Discograms are done to help diagnose your pain and not to treat your pain. Although dye is injected into your disc and x-ray pictures (and sometimes a CT scan) are taken, the pictures are not as important as your response to the dye being injected (see below).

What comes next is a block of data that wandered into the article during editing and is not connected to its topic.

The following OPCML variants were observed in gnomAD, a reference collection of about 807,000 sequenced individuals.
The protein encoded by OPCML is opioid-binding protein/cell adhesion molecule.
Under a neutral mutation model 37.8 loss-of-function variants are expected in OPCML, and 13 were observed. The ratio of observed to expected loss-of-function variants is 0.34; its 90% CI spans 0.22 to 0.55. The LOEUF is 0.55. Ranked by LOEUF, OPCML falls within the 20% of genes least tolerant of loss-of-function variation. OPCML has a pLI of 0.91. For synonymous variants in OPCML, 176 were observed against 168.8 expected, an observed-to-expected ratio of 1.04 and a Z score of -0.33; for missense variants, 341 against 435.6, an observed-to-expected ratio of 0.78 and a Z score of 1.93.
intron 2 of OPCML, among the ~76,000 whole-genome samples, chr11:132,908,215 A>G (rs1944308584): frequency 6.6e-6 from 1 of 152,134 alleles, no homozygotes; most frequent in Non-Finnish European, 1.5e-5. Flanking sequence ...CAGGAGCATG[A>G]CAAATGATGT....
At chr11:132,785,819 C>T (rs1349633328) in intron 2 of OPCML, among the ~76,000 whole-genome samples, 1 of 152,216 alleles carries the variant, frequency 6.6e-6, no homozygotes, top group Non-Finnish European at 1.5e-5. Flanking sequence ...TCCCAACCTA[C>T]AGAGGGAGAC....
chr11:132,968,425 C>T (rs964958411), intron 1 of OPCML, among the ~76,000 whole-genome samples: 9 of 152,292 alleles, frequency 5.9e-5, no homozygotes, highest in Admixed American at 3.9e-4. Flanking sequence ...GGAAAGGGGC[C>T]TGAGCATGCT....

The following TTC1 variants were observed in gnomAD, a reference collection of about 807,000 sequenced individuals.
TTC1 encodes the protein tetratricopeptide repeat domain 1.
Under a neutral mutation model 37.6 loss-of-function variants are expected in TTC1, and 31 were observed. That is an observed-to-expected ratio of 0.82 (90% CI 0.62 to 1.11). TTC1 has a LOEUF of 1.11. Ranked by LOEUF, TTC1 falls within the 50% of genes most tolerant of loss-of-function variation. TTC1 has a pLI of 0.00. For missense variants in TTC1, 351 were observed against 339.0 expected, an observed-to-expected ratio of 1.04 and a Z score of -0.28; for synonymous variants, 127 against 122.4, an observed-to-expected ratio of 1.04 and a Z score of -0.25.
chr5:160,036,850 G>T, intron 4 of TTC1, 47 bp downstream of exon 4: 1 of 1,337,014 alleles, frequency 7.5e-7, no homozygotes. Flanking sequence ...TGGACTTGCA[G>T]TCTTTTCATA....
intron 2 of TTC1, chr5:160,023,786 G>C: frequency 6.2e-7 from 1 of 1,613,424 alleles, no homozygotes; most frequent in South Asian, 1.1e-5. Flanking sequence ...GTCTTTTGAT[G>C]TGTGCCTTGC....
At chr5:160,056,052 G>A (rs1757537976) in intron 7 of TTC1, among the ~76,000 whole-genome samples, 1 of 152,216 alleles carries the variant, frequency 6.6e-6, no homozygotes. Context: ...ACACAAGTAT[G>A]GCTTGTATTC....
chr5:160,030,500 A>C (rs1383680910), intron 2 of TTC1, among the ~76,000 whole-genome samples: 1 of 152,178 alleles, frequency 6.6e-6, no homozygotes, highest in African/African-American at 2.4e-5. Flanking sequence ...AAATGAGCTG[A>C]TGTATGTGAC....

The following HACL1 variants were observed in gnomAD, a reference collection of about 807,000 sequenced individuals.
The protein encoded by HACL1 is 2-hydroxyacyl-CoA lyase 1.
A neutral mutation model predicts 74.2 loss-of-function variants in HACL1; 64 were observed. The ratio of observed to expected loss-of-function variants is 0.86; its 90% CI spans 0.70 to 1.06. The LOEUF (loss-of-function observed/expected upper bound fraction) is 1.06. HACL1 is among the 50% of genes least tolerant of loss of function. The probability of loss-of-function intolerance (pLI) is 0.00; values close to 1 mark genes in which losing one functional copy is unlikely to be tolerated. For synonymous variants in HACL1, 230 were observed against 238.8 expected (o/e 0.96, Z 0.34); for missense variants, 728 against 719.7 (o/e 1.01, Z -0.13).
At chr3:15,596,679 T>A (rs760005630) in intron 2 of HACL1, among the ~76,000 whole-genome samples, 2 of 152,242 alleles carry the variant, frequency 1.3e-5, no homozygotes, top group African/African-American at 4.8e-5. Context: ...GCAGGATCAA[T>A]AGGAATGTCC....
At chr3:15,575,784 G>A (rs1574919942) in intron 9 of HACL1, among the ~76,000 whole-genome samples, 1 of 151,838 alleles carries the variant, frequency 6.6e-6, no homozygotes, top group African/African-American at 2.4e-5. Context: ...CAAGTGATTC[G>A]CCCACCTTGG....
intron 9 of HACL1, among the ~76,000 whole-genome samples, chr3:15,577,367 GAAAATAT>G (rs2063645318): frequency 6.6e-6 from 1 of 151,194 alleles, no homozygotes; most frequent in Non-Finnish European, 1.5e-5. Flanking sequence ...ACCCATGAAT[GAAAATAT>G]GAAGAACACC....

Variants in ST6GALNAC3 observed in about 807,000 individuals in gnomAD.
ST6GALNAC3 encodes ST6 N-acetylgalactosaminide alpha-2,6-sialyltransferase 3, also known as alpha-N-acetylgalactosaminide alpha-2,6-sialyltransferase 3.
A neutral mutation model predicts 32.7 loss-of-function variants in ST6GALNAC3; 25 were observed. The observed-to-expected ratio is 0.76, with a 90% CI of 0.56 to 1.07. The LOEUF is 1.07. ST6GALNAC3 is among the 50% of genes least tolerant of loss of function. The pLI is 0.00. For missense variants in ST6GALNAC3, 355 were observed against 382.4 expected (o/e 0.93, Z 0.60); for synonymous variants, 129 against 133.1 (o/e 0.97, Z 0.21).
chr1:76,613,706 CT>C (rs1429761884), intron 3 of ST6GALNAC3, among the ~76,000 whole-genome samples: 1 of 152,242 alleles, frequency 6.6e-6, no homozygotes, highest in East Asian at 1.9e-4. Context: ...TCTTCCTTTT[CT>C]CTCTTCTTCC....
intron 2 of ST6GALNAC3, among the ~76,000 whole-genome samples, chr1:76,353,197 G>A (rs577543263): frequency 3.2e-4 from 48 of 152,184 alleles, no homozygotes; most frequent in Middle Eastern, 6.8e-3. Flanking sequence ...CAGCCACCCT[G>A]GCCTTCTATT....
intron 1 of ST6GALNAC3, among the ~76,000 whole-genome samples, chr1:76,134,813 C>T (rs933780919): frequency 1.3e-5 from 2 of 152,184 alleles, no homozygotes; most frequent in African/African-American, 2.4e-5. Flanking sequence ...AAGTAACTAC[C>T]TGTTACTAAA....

Discography is most commonly done at the lumbar level for people who have failed extensive conservative treatments yet continue to have disabling low back, buttocks, hip, groin, or thigh pain that may be caused by the disc itself hurting. Often, MRI/CT scans may only show mild degeneration or mild bulging of the disc, and sometimes a tear is seen in the disc. These changes do not necessarily result in a painful disc, unless there is also inflammation. Presently, the only way to determine if the disc itself hurts is by putting dye into the disc. You are sedated and comfortable while the needle is placed into the disc. You are awake and talking while the dye is being injected. With a normal disc, you may feel pressure but no significant pain. However, with a problem disc, one feels considerable pain very comparable to their typical pain pattern. Obviously, this is very helpful in determining the next step in your treatment.